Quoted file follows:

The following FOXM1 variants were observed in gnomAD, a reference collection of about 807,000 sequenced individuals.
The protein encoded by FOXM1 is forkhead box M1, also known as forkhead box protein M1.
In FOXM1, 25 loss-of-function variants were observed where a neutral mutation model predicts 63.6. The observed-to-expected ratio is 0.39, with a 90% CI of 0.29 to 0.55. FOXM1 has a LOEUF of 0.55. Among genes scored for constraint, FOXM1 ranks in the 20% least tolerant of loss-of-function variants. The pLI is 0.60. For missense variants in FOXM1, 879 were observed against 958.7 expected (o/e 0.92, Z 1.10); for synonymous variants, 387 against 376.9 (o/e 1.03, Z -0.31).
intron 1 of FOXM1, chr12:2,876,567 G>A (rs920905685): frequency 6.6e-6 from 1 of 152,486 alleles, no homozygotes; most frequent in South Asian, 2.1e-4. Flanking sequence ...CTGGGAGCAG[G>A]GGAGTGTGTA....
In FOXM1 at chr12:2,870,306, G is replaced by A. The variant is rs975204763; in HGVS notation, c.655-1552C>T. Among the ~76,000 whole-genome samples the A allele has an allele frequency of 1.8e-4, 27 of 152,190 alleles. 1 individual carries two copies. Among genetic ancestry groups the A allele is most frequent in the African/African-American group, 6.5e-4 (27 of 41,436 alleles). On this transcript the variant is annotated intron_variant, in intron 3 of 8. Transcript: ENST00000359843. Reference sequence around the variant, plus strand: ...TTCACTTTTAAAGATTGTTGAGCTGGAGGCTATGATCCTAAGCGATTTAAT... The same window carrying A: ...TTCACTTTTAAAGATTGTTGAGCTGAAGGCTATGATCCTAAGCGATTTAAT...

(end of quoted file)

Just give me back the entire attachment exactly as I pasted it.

The following FOXM1 variants were observed in gnomAD, a reference collection of about 807,000 sequenced individuals.
The protein encoded by FOXM1 is forkhead box M1, also known as forkhead box protein M1.
In FOXM1, 25 loss-of-function variants were observed where a neutral mutation model predicts 63.6. The observed-to-expected ratio is 0.39, with a 90% CI of 0.29 to 0.55. FOXM1 has a LOEUF of 0.55. Among genes scored for constraint, FOXM1 ranks in the 20% least tolerant of loss-of-function variants. The pLI is 0.60. For missense variants in FOXM1, 879 were observed against 958.7 expected (o/e 0.92, Z 1.10); for synonymous variants, 387 against 376.9 (o/e 1.03, Z -0.31).
intron 1 of FOXM1, chr12:2,876,567 G>A (rs920905685): frequency 6.6e-6 from 1 of 152,486 alleles, no homozygotes; most frequent in South Asian, 2.1e-4. Flanking sequence ...CTGGGAGCAG[G>A]GGAGTGTGTA....
In FOXM1 at chr12:2,870,306, G is replaced by A. The variant is rs975204763; in HGVS notation, c.655-1552C>T. Among the ~76,000 whole-genome samples the A allele has an allele frequency of 1.8e-4, 27 of 152,190 alleles. 1 individual carries two copies. Among genetic ancestry groups the A allele is most frequent in the African/African-American group, 6.5e-4 (27 of 41,436 alleles). On this transcript the variant is annotated intron_variant, in intron 3 of 8. Transcript: ENST00000359843. Reference sequence around the variant, plus strand: ...TTCACTTTTAAAGATTGTTGAGCTGGAGGCTATGATCCTAAGCGATTTAAT... The same window carrying A: ...TTCACTTTTAAAGATTGTTGAGCTGAAGGCTATGATCCTAAGCGATTTAAT...